Winter in the garden

Despite the cold and windy weather some parts of the garden are thriving including thistles and oxalis (or sour sob – impossible to get rid of – the act of pulling them actually promotes their bulb growth). I’ve posted some photos of  feature plants like the blood lilly leaves, red devil featured above, bird’s nest fern, cycad and vegetable garden shots.  There’s only 1 little purple cabbage left until the next crop grows, wish I had planted a few more, so yummy, romanesco broccoli is on the menu tonight and there’s plenty of greens for salads or cooked greens, a few beetroots, lots of herbs and that’s it for eating from the garden.The potatoes are gone, having to buy spuds again (drats) but there’s still a few shallots, going to seed garlic, pumpkins and frozen goods (tomatoes & grated zucchini)! The latest celery plants are looking OK, this weekend we’ll place 1Lt milk cartons over them to protect them and help to be crisp and tender.

The kumquat is finally starting to grow over the trellis top but the lemon and grapefruit seem frozen in time (planted at the same time), hopefully they’re growing underground and will put on new top growth when the weather warms up a bit. Lemons and limes are in abundance, what a cool problem to have, I’ll make a few more jars of preserved lime/lemons – so versatile and add a spark to most dishes – give some away and make some juice ice blocks.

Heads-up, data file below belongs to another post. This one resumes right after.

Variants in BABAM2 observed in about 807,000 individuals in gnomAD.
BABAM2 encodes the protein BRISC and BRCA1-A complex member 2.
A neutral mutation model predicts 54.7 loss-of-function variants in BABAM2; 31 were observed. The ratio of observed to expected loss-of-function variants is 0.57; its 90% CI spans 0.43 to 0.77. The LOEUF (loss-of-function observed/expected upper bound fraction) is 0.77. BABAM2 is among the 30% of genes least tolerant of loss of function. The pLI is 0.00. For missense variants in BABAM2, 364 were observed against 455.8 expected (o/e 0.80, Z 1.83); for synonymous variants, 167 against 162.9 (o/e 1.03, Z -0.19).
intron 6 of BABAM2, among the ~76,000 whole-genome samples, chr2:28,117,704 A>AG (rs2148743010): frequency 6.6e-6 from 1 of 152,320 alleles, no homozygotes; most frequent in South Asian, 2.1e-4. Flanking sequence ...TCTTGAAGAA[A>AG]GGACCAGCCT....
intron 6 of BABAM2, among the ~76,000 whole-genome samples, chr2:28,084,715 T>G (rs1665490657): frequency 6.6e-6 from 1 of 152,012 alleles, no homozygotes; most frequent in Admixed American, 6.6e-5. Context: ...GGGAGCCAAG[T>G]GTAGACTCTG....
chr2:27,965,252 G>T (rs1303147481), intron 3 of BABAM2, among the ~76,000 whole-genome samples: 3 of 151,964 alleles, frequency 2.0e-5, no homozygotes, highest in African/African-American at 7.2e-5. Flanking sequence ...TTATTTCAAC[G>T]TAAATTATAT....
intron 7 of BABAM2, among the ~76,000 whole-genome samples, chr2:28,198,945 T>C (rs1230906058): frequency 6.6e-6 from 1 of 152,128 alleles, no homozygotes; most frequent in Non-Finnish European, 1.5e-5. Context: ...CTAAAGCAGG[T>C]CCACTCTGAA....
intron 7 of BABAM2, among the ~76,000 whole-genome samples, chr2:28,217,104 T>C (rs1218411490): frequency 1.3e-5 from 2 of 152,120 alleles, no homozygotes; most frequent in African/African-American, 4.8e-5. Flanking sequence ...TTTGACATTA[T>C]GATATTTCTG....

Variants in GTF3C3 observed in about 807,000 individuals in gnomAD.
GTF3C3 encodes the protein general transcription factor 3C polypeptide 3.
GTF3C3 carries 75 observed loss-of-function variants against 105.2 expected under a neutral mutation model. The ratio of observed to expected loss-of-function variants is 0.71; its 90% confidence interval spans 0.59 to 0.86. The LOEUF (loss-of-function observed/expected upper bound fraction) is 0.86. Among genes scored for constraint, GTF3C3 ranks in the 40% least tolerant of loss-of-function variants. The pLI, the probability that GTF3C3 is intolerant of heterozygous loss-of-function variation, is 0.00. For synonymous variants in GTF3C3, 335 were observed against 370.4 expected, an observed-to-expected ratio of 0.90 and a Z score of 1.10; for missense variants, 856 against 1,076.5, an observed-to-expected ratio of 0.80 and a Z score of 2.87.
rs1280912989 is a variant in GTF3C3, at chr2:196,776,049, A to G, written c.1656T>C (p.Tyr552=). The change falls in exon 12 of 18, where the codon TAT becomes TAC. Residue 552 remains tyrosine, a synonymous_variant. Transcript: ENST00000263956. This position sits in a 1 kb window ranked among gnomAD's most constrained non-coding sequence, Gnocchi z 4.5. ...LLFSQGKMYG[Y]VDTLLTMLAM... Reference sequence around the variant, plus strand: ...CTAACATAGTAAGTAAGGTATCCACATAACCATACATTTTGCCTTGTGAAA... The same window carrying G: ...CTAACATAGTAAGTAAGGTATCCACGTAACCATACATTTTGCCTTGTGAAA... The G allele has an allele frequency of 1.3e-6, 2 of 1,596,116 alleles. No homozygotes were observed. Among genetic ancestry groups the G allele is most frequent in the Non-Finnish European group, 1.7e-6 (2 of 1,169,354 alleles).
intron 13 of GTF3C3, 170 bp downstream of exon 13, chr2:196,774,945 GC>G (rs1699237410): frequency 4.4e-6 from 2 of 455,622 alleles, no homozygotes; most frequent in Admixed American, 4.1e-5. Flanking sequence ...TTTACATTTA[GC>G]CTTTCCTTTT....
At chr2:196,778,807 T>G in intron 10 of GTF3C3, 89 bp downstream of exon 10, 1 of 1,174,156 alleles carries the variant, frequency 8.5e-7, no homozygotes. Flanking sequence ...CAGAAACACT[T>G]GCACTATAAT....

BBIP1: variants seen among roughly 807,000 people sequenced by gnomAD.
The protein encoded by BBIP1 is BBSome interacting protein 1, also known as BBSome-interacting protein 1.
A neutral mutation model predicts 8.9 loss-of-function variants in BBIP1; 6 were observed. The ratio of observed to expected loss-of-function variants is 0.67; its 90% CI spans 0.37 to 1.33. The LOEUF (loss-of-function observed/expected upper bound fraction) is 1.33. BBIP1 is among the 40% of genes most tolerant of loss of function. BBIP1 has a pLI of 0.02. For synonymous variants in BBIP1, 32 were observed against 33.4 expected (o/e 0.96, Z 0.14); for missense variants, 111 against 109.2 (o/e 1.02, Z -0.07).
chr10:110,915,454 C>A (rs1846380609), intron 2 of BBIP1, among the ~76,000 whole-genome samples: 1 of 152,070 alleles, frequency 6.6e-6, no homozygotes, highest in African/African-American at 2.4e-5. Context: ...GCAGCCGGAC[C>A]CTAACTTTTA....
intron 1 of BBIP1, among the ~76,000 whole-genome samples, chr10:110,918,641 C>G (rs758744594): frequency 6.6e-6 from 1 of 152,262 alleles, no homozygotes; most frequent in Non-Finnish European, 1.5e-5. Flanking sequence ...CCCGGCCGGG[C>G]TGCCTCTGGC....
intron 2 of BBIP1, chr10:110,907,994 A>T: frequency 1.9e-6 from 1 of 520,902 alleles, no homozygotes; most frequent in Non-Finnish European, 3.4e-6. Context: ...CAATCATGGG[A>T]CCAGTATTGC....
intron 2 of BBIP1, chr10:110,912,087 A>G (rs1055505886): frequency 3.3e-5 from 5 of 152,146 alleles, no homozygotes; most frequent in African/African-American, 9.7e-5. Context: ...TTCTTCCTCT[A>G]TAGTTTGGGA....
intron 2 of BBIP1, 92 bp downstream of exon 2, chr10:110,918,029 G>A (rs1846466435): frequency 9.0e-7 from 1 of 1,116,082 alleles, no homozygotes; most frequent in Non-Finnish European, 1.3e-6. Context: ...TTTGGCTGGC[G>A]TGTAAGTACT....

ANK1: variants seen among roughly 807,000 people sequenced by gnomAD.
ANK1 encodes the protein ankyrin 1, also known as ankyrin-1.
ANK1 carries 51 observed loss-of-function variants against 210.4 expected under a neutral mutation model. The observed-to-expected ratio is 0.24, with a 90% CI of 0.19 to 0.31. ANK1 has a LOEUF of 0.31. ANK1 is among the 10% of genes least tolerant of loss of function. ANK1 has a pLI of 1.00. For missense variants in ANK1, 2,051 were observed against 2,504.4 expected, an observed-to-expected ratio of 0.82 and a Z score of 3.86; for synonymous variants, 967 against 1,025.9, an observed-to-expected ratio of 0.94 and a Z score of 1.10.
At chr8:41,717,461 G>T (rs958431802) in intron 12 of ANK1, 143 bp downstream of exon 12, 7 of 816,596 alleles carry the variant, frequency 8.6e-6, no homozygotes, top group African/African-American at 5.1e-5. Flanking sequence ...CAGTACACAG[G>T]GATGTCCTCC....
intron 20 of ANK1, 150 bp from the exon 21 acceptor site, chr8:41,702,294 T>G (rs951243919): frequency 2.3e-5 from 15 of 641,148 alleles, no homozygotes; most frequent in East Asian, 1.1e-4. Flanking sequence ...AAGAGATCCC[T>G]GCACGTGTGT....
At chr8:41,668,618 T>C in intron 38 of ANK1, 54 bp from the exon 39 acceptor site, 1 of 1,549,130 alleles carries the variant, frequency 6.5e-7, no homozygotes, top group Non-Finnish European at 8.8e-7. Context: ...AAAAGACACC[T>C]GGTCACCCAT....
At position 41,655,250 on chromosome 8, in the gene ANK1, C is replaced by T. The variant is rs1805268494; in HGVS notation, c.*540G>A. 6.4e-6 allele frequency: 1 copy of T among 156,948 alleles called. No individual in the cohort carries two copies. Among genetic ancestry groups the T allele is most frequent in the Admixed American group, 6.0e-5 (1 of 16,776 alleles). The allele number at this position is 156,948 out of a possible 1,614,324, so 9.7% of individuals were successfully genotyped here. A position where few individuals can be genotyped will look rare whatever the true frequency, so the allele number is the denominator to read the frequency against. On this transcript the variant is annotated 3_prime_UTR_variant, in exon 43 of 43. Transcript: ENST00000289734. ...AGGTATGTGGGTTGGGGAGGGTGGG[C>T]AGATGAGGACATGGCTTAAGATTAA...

Pasta man rejuvenated the worm farm (by adding some air vents – drainage tubes – and layers of nice fresh mulch) = happy worms and we’ve decided to rest 2 vacant garden beds for replanting in a month or two, it’s just too cold to plant right now. The other night we watched an old DVD on permaculture, it was interesting to see how our gardening practices have evolved over the years, I like the idea of permaculture and tried to live that way for a few years, it was fun having chooks, pigs, fish, an orchard and large vegetable garden, but now we are on a suburban block and our only animals are worms, insects and the odd amphibian and that is enough for us! Sometimes I’m tempted to have a few chickens again (what a delight to eat fresh eggs) but our next door neighbours produce the most beautiful organic eggs and I just pop over and buy some, how easy is that? Until next time…..

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